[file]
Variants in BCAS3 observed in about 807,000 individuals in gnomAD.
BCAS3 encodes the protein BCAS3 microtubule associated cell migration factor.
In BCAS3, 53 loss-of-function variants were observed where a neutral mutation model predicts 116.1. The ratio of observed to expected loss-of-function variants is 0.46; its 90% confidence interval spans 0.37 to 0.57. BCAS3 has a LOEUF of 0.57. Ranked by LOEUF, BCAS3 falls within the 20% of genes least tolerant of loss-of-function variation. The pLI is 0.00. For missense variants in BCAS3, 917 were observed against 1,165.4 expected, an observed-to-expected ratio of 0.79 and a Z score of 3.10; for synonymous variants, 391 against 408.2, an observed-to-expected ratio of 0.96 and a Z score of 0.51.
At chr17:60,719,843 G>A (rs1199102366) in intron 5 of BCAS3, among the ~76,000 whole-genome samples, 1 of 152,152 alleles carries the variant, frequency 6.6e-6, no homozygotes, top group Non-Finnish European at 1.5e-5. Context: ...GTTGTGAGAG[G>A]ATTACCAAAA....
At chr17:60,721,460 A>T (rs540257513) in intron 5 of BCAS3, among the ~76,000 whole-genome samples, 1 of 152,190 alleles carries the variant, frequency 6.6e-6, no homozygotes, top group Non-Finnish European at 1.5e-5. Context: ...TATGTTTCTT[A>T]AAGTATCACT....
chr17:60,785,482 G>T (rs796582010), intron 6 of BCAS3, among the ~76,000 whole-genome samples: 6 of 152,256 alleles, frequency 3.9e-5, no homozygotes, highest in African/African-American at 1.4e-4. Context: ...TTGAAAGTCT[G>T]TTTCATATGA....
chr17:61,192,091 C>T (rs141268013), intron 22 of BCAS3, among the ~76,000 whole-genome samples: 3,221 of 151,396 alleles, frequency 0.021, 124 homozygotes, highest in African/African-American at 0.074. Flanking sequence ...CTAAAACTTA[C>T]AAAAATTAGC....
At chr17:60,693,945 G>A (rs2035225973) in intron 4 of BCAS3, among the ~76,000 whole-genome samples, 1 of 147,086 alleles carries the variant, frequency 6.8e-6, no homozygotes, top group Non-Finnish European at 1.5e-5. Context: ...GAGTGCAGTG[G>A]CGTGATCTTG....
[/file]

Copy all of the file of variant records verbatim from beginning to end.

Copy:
Variants in BCAS3 observed in about 807,000 individuals in gnomAD.
BCAS3 encodes the protein BCAS3 microtubule associated cell migration factor.
In BCAS3, 53 loss-of-function variants were observed where a neutral mutation model predicts 116.1. The ratio of observed to expected loss-of-function variants is 0.46; its 90% confidence interval spans 0.37 to 0.57. BCAS3 has a LOEUF of 0.57. Ranked by LOEUF, BCAS3 falls within the 20% of genes least tolerant of loss-of-function variation. The pLI is 0.00. For missense variants in BCAS3, 917 were observed against 1,165.4 expected, an observed-to-expected ratio of 0.79 and a Z score of 3.10; for synonymous variants, 391 against 408.2, an observed-to-expected ratio of 0.96 and a Z score of 0.51.
At chr17:60,719,843 G>A (rs1199102366) in intron 5 of BCAS3, among the ~76,000 whole-genome samples, 1 of 152,152 alleles carries the variant, frequency 6.6e-6, no homozygotes, top group Non-Finnish European at 1.5e-5. Context: ...GTTGTGAGAG[G>A]ATTACCAAAA....
At chr17:60,721,460 A>T (rs540257513) in intron 5 of BCAS3, among the ~76,000 whole-genome samples, 1 of 152,190 alleles carries the variant, frequency 6.6e-6, no homozygotes, top group Non-Finnish European at 1.5e-5. Context: ...TATGTTTCTT[A>T]AAGTATCACT....
chr17:60,785,482 G>T (rs796582010), intron 6 of BCAS3, among the ~76,000 whole-genome samples: 6 of 152,256 alleles, frequency 3.9e-5, no homozygotes, highest in African/African-American at 1.4e-4. Context: ...TTGAAAGTCT[G>T]TTTCATATGA....
chr17:61,192,091 C>T (rs141268013), intron 22 of BCAS3, among the ~76,000 whole-genome samples: 3,221 of 151,396 alleles, frequency 0.021, 124 homozygotes, highest in African/African-American at 0.074. Flanking sequence ...CTAAAACTTA[C>T]AAAAATTAGC....
At chr17:60,693,945 G>A (rs2035225973) in intron 4 of BCAS3, among the ~76,000 whole-genome samples, 1 of 147,086 alleles carries the variant, frequency 6.8e-6, no homozygotes, top group Non-Finnish European at 1.5e-5. Context: ...GAGTGCAGTG[G>A]CGTGATCTTG....